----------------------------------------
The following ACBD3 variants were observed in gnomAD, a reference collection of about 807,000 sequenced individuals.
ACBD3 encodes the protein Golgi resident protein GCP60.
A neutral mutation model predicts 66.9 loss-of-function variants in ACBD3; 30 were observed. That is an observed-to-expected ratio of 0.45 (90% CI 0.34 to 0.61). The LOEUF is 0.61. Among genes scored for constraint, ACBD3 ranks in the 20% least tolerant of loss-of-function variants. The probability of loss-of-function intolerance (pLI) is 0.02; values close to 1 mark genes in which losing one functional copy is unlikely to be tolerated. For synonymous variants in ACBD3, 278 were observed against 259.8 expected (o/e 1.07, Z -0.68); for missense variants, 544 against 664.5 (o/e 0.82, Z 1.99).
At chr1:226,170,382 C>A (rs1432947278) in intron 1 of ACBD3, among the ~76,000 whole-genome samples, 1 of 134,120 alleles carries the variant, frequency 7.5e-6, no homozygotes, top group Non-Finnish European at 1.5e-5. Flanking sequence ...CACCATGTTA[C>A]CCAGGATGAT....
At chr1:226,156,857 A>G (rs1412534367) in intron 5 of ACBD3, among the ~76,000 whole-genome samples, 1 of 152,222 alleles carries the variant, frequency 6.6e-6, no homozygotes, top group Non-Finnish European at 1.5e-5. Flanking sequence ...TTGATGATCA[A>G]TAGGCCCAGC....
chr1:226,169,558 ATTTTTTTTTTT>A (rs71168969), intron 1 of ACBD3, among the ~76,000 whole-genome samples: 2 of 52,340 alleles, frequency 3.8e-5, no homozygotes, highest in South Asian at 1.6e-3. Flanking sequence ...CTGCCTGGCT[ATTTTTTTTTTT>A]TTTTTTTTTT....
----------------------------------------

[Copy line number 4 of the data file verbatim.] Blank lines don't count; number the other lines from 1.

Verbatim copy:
At chr1:226,170,382 C>A (rs1432947278) in intron 1 of ACBD3, among the ~76,000 whole-genome samples, 1 of 134,120 alleles carries the variant, frequency 7.5e-6, no homozygotes, top group Non-Finnish European at 1.5e-5. Flanking sequence ...CACCATGTTA[C>A]CCAGGATGAT....